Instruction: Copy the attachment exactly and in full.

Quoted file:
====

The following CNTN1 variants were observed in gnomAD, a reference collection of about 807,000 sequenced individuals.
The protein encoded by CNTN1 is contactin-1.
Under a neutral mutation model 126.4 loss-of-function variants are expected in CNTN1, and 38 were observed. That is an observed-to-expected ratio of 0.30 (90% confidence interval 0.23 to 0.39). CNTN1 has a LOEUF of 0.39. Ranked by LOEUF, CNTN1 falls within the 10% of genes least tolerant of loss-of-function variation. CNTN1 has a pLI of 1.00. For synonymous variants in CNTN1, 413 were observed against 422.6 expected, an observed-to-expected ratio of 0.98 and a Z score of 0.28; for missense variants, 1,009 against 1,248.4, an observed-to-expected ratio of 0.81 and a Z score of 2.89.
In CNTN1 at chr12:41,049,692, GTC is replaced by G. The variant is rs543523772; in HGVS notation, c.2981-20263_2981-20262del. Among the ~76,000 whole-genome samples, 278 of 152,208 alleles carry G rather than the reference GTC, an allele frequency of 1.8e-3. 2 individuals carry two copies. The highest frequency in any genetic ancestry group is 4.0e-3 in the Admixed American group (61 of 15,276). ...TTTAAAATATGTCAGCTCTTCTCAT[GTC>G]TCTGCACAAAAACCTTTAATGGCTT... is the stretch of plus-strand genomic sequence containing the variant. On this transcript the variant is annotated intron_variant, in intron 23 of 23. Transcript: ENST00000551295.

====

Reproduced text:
The following CNTN1 variants were observed in gnomAD, a reference collection of about 807,000 sequenced individuals.
The protein encoded by CNTN1 is contactin-1.
Under a neutral mutation model 126.4 loss-of-function variants are expected in CNTN1, and 38 were observed. That is an observed-to-expected ratio of 0.30 (90% confidence interval 0.23 to 0.39). CNTN1 has a LOEUF of 0.39. Ranked by LOEUF, CNTN1 falls within the 10% of genes least tolerant of loss-of-function variation. CNTN1 has a pLI of 1.00. For synonymous variants in CNTN1, 413 were observed against 422.6 expected, an observed-to-expected ratio of 0.98 and a Z score of 0.28; for missense variants, 1,009 against 1,248.4, an observed-to-expected ratio of 0.81 and a Z score of 2.89.
In CNTN1 at chr12:41,049,692, GTC is replaced by G. The variant is rs543523772; in HGVS notation, c.2981-20263_2981-20262del. Among the ~76,000 whole-genome samples, 278 of 152,208 alleles carry G rather than the reference GTC, an allele frequency of 1.8e-3. 2 individuals carry two copies. The highest frequency in any genetic ancestry group is 4.0e-3 in the Admixed American group (61 of 15,276). ...TTTAAAATATGTCAGCTCTTCTCAT[GTC>G]TCTGCACAAAAACCTTTAATGGCTT... is the stretch of plus-strand genomic sequence containing the variant. On this transcript the variant is annotated intron_variant, in intron 23 of 23. Transcript: ENST00000551295.